How To Recognize Work At Home Scams
Time is a hot commodity, with everyone wishing that they had more of it. And that's one of the reasons why opportunities to work at home are so popular. But as appealing as working in your pajamas may sound, you need to proceed with caution when considering home business advertisements and e-mails. Although major corporations like Comcast and United Airlines have increased their stable of home-based customer service reps and virtual assistants over the last few years, many of these seemingly legitimate ads for home businesses can be decidedly bogus — designed to steal either your money, your identity or both.
There are many things you should consider before jumping on a work-from-home opportunity. Many work-at-home offers do not pay regularly and often require out-of-pocket expenses from their employees. Others are structured as "pyramid schemes," where you must actively recruit others to do similar work. According to the United States Postal Service, for example, classic home business scams include envelope stuffing, product assembly, medical billing and reshipping.1
Job recruitment scams and ID theft on the Web
While you should always be somewhat sceptical of work-at-home offers, the long reach of the Internet has created avenues for even more elaborate home business scams. Routinely, you may receive e-mails from companies saying that they accessed your resume online, encouraging you to log on to the link they have forwarded, and encouraging — even urging — you to apply for a specific job they just know best suits your background.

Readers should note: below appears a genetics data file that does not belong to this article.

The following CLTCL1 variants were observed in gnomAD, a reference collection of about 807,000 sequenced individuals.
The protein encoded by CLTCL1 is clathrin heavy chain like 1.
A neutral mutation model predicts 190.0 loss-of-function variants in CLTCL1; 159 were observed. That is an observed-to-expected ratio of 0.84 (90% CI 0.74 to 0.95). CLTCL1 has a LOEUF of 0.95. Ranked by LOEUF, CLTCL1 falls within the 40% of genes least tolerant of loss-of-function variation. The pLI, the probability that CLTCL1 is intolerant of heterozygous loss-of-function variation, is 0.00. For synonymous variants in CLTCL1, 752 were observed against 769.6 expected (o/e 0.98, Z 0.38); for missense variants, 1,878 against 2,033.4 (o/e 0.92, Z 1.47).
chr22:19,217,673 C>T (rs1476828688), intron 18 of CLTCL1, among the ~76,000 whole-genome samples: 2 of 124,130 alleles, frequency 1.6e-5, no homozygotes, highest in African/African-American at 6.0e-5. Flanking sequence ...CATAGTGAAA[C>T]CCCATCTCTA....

You may get a description of a marketing position; the next one may be for an event coordinator job; and yet another in the field of criminal justice. Be suspicious of any recruitment companies that contact you, especially if you never submitted your resume to them. If you compared each of them closely, you would notice that all messaging seems the same, except for the individual job descriptions and the links. Before applying directly to any of these e-mail links, it's probably a good idea to do an overall search on the company's name. Chances are you'll find articles involving unfair business practices and testimonials from former employees who put in the time but never got paid.
When it comes to identity theft, be proactive
As it is with so many scams out there, being skeptical isn't enough. Even if you trust no one and nothing, there simply aren't any guarantees that even having a sound identity theft plan will protect you. But having some tips can make a difference, allowing you to distinguish between genuine income-earning opportunities and the efforts of opportunistic hackers to rip you off and access your personal information:
Keep your money where it belongs... with you. You don't pay prospective employers — they are supposed to pay you. Walk away from anything or anyone that asks you for cash, and make certain that you do some research before you hand over personal information (financial data, a Social Security number and the like) to anyone.
Ask for references. A potential employer won't hesitate to check your references, so make sure you do the same. Ask the requesting company for a list of their employees. If the request is denied or ignored, you may well have succeeded in helping diffuse a potential scam.
Read the offer more than once. Much of the time, the most pertinent facts, like having to provide bank account information or a Social Security number (two things you should NEVER DO), are buried between the lines. In short, read the fine print.
Working from home clearly has its advantages. But with those advantages, there may also be a caveat or two you'll want to guard against. If the idea of working from home really appeals to you, just make sure you won't fall for any "work at home" scams we mentioned. You may want to consider starting your own business from a home office. Just remember, though, like any work-from-home advertisement that promises "instant wealth," overnight successes are the exception and not the rule.